“I hope that this double-parking attention is not a witch hunt for church services on Sundays, where because of a lack of parking, there has to be some double-parking,” he said.

Supervisors Wiener and London Breed, the only committee members at the hearing when the reverend raised the issue, didn’t indicate that they felt the exemption for churchgoers should end. Wiener did, however, say that he’s “pretty confident that the hundreds and hundreds of cars” illegally parked along the Dolores Street median near Mission Dolores on Sundays “are not all going to church, unless Dolores Park is a church.”

Millitello promised that the SFMTA won’t go after double-parking for church, calling the Sunday exemption “part of San Francisco’s history.”

Read more from Monday’s hearing at City Hall from Bay City News via ABC.

"Part of San Francisco's history." Photo: ##http://ibikenopa.blogspot.com/2010/06/new-york-times-looks-at-double-parking.html##Bike NoPa##
  • mikesonn

    Wait, what? You’d rather block a fire hydrant than a driveway? That’s horrible!

  • murphstahoe

    Maybe someone can park in front of that hydrant and then light your house on fire. Then they can calmly tell you “Hey, I’m not blocking your driveway, quit complaining”

  • Jame

    If i am sitting in my car for 2 minutes waiting for someone, sure. I have plenty of time to move if something were to happen requiring the hydrant. I don’t leave the car when I double park. It is much less rude. The odds of someone needing the hydrant while I am waiting vs the odds of someone using the garage are much higher. The fire station is 2 blocks away, I’ll hear them when the trucks leave.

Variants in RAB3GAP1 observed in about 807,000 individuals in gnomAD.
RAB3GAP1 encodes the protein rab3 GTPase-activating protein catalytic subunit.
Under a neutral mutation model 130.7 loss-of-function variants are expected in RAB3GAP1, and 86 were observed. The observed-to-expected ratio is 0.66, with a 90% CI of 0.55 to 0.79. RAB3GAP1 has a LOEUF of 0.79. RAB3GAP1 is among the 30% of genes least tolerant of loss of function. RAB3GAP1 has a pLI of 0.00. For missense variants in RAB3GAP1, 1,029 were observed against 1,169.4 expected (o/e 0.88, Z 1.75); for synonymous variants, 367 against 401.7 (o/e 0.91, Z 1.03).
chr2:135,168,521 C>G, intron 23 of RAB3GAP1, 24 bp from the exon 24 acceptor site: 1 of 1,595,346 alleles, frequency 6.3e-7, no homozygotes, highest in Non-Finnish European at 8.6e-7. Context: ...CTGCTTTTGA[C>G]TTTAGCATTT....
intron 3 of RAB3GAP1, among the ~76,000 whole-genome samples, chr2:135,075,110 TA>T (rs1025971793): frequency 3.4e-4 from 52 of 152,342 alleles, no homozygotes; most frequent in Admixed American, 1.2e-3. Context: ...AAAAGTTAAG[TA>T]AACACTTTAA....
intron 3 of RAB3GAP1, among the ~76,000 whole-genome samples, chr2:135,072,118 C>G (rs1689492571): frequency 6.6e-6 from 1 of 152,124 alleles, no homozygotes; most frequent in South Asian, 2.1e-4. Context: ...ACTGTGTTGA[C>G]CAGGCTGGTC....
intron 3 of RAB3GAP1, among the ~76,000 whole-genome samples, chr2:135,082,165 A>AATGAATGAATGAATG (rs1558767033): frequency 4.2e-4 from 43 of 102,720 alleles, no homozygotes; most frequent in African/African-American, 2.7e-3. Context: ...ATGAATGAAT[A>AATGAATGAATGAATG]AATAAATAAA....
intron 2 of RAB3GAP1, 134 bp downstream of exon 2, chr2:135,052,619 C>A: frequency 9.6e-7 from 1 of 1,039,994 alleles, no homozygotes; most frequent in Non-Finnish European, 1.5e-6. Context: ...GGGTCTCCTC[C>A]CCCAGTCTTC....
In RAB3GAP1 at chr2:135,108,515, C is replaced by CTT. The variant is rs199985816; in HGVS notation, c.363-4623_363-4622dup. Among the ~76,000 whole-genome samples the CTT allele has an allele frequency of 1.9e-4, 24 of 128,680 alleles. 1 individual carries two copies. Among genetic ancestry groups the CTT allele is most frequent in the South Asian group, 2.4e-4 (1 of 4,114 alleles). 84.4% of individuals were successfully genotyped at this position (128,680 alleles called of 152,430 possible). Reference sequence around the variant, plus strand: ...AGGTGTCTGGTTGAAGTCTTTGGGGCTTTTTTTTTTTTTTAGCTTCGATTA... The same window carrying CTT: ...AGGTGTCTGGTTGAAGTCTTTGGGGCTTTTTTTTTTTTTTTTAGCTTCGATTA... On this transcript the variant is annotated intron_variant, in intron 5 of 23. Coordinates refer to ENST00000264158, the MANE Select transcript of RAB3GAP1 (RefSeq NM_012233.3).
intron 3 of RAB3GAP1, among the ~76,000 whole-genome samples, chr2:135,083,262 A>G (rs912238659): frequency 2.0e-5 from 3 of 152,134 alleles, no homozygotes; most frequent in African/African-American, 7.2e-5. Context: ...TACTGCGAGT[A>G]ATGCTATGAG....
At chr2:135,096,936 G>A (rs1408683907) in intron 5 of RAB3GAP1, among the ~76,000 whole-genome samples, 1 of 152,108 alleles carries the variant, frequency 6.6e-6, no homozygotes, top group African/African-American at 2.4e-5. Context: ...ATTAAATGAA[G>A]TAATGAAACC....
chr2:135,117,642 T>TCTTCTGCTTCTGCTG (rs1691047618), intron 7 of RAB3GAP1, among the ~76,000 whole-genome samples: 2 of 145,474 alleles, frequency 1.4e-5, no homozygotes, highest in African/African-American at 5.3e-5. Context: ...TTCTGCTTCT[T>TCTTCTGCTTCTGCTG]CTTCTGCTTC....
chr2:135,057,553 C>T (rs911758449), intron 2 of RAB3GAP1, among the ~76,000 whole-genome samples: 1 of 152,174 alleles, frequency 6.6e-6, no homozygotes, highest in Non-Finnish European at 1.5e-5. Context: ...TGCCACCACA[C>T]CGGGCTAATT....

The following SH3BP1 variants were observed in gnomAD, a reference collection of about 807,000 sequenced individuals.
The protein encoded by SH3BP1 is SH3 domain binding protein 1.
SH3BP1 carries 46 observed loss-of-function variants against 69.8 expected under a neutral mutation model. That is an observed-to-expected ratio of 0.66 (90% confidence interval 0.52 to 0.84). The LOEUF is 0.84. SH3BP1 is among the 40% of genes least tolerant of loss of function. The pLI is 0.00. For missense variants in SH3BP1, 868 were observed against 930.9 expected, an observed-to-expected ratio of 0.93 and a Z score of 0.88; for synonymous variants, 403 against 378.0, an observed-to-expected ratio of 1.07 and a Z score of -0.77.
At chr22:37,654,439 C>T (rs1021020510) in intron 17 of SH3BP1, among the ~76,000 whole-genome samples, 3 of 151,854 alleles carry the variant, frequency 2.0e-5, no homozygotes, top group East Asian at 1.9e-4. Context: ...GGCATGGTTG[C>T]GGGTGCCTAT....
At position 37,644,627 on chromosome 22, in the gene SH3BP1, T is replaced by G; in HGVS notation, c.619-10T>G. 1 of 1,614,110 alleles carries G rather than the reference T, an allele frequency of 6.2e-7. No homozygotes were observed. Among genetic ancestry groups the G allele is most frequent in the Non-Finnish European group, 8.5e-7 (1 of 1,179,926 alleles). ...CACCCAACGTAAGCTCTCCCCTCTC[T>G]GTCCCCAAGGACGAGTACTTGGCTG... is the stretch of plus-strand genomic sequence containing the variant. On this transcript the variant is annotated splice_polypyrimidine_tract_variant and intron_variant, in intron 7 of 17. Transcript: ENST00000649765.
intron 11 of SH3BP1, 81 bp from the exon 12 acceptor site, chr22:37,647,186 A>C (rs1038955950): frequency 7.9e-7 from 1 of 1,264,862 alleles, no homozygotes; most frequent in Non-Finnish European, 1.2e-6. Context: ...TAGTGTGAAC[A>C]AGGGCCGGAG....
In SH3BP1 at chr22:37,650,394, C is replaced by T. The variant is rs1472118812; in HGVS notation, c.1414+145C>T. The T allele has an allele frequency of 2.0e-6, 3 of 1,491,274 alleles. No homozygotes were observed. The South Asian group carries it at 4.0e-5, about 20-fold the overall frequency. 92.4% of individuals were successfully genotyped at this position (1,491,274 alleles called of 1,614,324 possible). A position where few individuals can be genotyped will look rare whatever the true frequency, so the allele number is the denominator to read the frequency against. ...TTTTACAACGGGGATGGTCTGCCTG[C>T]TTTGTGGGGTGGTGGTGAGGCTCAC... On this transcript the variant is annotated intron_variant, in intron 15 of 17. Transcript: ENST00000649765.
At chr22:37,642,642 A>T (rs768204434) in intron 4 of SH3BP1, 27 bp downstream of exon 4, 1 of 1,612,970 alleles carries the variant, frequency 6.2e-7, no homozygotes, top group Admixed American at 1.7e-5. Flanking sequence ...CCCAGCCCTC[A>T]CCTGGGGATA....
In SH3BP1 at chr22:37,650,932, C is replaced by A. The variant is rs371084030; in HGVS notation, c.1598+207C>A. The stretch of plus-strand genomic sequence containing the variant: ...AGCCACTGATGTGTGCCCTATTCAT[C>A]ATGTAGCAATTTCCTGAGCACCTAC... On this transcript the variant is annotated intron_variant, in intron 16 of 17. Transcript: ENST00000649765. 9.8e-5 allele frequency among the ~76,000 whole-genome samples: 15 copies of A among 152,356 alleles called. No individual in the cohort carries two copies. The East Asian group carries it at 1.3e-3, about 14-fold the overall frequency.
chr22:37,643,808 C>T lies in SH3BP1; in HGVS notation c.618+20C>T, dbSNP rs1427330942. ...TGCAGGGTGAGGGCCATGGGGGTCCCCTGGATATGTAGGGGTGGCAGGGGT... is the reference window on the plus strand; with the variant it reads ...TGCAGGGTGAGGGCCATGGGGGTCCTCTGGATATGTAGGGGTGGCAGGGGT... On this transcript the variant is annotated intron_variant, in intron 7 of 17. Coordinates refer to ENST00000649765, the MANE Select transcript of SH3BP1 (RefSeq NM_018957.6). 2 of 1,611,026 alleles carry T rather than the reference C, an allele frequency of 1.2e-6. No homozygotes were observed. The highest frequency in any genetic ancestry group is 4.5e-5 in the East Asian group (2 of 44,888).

• murphstahoe

    The odds of someone needing the hydrant while I am waiting vs the odds of someone using the garage are much higher.

    And of course, the cost of someone using the garage calling you in is borne by you, and the cost of fire truck not being able to access the hydrant is borne by the person whose home is on fire. Don’t pretend your choice is about rudeness to others, it is calculated self-interest.

  • Observer

    Read his response again; he won’t be blocking the fire hydrant b/c he’s in his car and will move immediately if that is needed. Use your noggin. Jame is doing the polite thing.

  • kschang

    Part of the problem is you have different crew doing different things. From my completely amateurish observation, there seem to be THREE groups of MTA officers

    1) The grunts. They’re the ones that patrol all the parking zones, meters, and so on. Most only make the rounds and chalk the wheels about twice a day in a particular zone. Some zones are only patrolled once a day.

    2) The mid-grade, the real enforcers, who hounds the tow-away zones esp. when it comes to the 4-6 towaways. They sometimes tarted watching at 3:45 for the handicapp violators too. They do their job quite enthusiastically.

    3) afterhour zombies / oncalls. They’re the ones who holds the grave shift and answers callouts (need enforcement at ****). These people barely move, if at all.

    Personally, if there are cars that are blocking traffic, you may get faster response calling SFPD non-emergency than MTA.